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 ARCHIVED TOPIC: Double C chords please


Please note this is an archived topic, so it is locked and unable to be replied to. You may, however, start a new topic and refer to this topic with a link: http://www.banjohangout.org/archive/169928

mandohead - Posted - 02/02/2010:  20:53:55


I'm really enjoying the Double C tuning but could use some chords that are workable- I found some but you'd have to be a crazy jazz guitarist to use most of them.

I want to be able to work around the chords when playing some contemporary stuff etc

I've played octave mandoline for a while so I do have some stretch with the left hand...

If you've got chords for the G sawmill tuning (g DGCD) it would be great also

Thanks

Bill Rogers - Posted - 02/02/2010:  21:33:42


There's an ongoing (or just ended) discussion of Double-C chords on the Banjo List. Charles Kratz permitted posting of his Double-C chord chart here: http://www.frailing.ca/dblc.html

Banjo-L takes off in different discussion directions than the Hangout, in part because it is limited to just that: discussion. You can sign up via www.banjo-l.org

For Sawmill chords, just use G chords with the 2d string one fret south.


Edited by - Bill Rogers on 02/02/2010 21:38:06

Plinkerton - Posted - 02/02/2010:  22:23:08


Here's Mike Iverson's common banjo chords for lots of different tunings also.

http://www.bluesageband.com/Tab%20p...20Chords.pdf

vernob - Posted - 02/03/2010:  03:19:58


I always think of double C tuning as a melody oriented tuning and G tuning as a chord oriented tuning.

Kitt - Posted - 02/03/2010:  06:02:56


Watch Cathy's videos on her Banjo meets World.


http://banjomeetsworld.wordpress.co...egory/adade/

Bill Rogers - Posted - 02/03/2010:  09:09:42


quote:
Originally posted by vernob

I always think of double C tuning as a melody oriented tuning and G tuning as a chord oriented tuning.



That one was wrung out on Banjo-L. Generated both heat and light.

vernob - Posted - 02/03/2010:  11:42:48


I feel the heat but I weigh too much so I'm not so light. Sorry. It really is what I think. Sorry again.

oldwoodchuckb - Posted - 02/03/2010:  15:17:35


Simple
strings
54321
00002 C major (capoed 2 = D major)
02020 G major - actually lacks a third
0x420 G major - for real
02420 G major - if you are good at such things
02023 G 7th
xx203 F Major
x520x F Major again
x2223 D minor
x2x23 D minor - Note, it is the same finger form as G7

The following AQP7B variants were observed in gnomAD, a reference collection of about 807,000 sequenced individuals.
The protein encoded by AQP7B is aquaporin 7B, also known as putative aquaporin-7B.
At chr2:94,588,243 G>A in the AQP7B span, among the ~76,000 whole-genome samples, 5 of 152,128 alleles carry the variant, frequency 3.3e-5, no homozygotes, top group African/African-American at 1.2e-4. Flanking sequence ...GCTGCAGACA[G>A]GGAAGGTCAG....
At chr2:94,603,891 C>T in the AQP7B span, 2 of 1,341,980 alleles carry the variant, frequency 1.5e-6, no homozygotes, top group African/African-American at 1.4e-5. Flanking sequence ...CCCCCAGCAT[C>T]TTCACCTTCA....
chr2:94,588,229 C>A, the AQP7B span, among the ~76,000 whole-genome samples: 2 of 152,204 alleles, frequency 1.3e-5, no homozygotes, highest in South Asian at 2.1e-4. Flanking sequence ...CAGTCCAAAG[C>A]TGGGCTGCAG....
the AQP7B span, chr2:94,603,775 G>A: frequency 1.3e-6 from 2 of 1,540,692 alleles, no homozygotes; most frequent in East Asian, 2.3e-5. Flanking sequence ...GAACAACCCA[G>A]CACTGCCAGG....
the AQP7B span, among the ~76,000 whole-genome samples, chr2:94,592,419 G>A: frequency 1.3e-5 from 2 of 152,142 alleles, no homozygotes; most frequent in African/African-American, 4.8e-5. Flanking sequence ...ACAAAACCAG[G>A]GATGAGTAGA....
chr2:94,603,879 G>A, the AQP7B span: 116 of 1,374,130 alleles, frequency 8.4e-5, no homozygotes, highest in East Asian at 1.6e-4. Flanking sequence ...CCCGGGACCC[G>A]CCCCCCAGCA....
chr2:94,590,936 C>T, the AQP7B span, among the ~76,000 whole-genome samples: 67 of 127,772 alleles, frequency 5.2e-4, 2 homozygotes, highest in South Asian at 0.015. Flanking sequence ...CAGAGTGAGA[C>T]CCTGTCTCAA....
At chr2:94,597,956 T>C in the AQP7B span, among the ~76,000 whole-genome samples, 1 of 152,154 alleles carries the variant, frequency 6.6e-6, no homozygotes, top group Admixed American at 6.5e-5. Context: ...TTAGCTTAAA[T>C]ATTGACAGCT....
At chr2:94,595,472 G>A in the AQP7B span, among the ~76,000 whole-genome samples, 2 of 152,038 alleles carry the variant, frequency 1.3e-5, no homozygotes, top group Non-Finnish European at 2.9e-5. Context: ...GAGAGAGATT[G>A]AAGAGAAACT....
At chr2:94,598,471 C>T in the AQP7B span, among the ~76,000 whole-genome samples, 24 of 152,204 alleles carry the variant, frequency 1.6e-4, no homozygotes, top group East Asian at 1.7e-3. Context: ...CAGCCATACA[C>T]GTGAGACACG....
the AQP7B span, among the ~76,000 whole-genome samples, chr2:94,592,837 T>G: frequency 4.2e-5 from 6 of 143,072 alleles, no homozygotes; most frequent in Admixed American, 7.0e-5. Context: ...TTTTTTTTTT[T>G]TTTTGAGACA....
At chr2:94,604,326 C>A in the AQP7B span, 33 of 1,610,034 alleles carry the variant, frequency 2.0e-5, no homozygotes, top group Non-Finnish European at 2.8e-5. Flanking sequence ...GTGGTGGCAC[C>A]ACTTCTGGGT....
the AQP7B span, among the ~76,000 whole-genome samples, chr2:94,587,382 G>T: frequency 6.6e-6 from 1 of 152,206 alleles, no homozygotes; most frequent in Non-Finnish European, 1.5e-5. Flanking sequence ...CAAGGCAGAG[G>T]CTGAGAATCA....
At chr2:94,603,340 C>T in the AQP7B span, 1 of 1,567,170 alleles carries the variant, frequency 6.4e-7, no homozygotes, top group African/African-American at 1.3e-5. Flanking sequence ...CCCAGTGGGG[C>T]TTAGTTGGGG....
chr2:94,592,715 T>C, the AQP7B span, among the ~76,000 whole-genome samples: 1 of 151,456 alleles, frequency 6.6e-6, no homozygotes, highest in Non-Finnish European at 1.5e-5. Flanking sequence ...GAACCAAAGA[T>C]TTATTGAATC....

xx423 B minor
x0202 A Minor


Edited by - oldwoodchuckb on 02/03/2010 16:27:27

mandohead - Posted - 02/04/2010:  15:16:50


Thanks

tarheel - Posted - 02/04/2010:  16:53:30


why do you want to play cords in a open tuning? unless your playing by yourself?

chip arnold - Posted - 02/04/2010:  17:34:54


Tarheel, Double C is not an open tuning. Knowing chords doesn't mean you'll play chords exclusively or that you'll rely on chords as a sole source for melody notes. Nor does it mean that you will ever strum a single chord. As for open strings, even if you were in an open tuning, as the melody progresses it will include many notes that clash badly with the open strings. If you play no notes but melody notes, this'll be fine. If you place any connective notes between the melody notes, you'll most likely want them to work with the melody notes, not against them. In double C, if you play the A note on the 2nd fret of the 2nd string and then a "ditty" on the 1st and 5th strings you'll want to fret the 1st string at the 3rd fret. With those two fretted strings, you're making an F chord. What would be some good reasons for NOT understanding chords?

rendesvous1840 - Posted - 02/04/2010:  20:44:09


Understanding chords,and being able to hear them change, will help you free yourself of relying on tabs, and learned arrangements of songs. Just being able to play chords behing a song you don't know will allow you to participate in jams. Whether you use them a lot or a little they are still a good tool to have.
I agree with Chip: What valid reason is there to not want that knowledge?
Paul

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